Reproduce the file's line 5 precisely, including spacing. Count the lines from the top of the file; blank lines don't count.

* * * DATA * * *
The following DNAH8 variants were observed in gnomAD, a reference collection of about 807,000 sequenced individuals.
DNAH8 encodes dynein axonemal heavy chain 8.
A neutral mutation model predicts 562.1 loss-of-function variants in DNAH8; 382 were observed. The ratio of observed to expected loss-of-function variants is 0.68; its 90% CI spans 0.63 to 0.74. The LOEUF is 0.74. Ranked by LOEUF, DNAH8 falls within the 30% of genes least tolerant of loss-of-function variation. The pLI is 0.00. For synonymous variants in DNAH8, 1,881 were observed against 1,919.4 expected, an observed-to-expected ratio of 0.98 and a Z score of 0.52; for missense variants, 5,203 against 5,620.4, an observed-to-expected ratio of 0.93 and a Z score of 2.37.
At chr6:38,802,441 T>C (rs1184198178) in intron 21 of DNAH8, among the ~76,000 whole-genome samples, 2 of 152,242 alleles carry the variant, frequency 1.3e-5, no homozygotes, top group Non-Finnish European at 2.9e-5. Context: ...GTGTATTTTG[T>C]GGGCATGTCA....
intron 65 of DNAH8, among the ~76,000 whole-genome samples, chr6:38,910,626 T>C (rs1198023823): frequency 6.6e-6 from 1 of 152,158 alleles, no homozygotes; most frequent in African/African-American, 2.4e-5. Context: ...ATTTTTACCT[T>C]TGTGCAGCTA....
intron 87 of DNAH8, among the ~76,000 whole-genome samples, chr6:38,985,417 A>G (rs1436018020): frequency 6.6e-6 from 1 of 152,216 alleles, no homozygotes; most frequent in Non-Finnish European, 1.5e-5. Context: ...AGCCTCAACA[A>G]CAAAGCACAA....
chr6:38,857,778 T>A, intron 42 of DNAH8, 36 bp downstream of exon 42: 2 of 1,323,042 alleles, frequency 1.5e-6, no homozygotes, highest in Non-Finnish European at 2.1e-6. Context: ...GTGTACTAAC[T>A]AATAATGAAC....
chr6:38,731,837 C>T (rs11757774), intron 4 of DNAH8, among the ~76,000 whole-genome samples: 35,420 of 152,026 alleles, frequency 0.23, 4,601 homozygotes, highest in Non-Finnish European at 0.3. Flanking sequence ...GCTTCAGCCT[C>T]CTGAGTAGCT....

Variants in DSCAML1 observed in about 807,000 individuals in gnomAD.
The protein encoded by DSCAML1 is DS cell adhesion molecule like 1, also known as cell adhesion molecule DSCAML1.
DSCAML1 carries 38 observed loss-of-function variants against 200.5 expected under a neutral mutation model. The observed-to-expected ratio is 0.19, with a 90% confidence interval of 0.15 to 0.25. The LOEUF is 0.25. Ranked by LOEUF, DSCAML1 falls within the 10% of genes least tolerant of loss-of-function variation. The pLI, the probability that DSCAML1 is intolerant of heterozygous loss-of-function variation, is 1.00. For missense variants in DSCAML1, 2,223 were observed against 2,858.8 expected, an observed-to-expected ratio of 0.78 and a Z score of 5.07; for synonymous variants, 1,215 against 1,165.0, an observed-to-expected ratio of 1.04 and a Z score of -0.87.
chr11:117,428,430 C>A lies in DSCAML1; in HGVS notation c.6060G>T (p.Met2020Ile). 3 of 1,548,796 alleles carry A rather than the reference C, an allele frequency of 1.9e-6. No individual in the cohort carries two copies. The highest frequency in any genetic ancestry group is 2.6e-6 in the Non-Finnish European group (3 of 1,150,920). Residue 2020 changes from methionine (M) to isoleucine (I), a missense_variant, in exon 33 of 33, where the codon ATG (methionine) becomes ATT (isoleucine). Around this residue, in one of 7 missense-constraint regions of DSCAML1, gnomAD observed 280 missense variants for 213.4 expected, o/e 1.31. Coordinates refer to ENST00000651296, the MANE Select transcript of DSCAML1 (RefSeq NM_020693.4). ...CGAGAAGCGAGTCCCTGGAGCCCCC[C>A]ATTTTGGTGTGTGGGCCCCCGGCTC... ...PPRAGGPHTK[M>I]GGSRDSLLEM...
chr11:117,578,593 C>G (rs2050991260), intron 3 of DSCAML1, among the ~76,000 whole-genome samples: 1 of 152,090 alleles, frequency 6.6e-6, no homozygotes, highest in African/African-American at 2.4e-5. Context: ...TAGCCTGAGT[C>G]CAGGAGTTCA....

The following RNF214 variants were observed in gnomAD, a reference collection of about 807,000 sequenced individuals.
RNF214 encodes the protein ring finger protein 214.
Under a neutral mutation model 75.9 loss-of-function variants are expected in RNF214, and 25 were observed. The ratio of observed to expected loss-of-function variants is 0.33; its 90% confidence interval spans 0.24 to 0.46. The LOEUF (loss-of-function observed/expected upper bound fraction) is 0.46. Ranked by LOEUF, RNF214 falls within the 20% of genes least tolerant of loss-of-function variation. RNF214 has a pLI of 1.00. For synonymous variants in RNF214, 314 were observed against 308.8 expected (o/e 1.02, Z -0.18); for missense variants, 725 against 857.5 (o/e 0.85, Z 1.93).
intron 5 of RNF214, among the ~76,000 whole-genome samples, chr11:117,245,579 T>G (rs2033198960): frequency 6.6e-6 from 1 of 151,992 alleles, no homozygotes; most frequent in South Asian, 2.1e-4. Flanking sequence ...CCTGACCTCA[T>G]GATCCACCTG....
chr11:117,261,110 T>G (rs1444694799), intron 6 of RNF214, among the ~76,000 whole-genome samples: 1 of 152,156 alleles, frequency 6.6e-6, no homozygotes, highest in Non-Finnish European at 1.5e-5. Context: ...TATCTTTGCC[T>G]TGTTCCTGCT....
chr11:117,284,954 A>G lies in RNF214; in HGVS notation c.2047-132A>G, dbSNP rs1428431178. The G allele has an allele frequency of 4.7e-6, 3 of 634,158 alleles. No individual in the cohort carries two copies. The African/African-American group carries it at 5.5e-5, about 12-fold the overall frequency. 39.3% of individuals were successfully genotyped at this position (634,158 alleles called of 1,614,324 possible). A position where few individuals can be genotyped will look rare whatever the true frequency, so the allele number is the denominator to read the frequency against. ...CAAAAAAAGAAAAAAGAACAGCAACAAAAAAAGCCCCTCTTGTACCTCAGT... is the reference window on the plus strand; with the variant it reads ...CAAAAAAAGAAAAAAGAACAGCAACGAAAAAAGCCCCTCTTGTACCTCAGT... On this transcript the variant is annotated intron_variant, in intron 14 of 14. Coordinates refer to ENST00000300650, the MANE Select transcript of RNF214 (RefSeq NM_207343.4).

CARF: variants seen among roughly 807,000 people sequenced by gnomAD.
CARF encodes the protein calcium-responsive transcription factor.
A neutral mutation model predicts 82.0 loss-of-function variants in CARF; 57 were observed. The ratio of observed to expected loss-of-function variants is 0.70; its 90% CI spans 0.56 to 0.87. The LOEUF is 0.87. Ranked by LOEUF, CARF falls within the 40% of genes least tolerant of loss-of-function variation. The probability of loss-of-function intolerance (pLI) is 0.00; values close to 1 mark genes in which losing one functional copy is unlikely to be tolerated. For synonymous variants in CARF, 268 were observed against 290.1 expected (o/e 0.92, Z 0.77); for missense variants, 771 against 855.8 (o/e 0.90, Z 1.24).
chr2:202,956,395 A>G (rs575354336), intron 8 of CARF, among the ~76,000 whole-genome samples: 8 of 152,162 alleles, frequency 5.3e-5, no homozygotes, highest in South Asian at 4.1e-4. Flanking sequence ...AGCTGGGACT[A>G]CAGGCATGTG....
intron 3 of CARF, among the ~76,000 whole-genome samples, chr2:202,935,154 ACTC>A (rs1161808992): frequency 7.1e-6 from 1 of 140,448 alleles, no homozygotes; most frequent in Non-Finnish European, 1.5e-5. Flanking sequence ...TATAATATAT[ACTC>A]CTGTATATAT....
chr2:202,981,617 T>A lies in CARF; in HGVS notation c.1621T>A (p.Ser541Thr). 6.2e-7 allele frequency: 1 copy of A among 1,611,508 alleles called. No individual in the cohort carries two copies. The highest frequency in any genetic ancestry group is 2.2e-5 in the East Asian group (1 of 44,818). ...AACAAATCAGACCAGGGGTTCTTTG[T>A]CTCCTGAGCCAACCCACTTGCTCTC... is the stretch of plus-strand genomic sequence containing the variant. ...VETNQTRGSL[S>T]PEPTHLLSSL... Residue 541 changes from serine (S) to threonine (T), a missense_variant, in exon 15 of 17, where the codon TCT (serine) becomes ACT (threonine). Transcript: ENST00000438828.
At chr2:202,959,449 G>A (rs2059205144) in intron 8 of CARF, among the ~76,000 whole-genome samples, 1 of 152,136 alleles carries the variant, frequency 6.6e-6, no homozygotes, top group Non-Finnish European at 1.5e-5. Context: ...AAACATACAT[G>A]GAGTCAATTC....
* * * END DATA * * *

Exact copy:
intron 65 of DNAH8, among the ~76,000 whole-genome samples, chr6:38,910,626 T>C (rs1198023823): frequency 6.6e-6 from 1 of 152,158 alleles, no homozygotes; most frequent in African/African-American, 2.4e-5. Context: ...ATTTTTACCT[T>C]TGTGCAGCTA....